The Little Book of Crime and Punishment
Publisher: The History Press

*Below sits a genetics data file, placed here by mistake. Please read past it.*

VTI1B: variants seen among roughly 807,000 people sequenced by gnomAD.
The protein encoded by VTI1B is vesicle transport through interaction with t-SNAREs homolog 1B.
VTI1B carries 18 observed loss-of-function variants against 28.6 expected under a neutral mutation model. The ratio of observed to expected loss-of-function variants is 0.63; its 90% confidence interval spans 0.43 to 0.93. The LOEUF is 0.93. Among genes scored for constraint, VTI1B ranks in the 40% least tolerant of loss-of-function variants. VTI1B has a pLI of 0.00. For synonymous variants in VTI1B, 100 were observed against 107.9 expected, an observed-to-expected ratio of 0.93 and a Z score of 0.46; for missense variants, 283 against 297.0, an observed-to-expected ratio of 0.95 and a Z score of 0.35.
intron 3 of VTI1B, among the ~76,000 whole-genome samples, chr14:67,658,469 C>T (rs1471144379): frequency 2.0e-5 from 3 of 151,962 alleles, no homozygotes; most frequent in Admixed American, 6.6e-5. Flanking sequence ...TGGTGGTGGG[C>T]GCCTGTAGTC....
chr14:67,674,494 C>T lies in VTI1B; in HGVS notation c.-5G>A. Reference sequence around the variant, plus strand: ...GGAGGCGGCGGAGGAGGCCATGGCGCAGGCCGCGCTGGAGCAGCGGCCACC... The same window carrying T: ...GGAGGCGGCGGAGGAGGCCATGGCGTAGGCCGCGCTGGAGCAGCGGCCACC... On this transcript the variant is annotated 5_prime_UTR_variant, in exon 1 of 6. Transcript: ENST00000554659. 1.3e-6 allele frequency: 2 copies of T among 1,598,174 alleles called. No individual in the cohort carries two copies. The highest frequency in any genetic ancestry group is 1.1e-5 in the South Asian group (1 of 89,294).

The English criminal justice system has come a long way since the days when noses were cut off, heretics burned at the stake and rebels were hung, drawn and quartered. Yet the Common Law, which emerged from Henry II’s conflict with Thomas a Becket, survives in England (and much of the English-speaking world) and magistrates still deal with 95 per cent of crimes as they have done for at least 650 years. We no longer duck scolds and witches but we still follow Magna Carta in the way we try people; and we no longer cut off hands or heads; instead we impose curfews, ‘tag’ persistent offenders and, where necessary, lock them up. This book shows how our system of justice, crime and punishment has evolved and suggests where we go from here.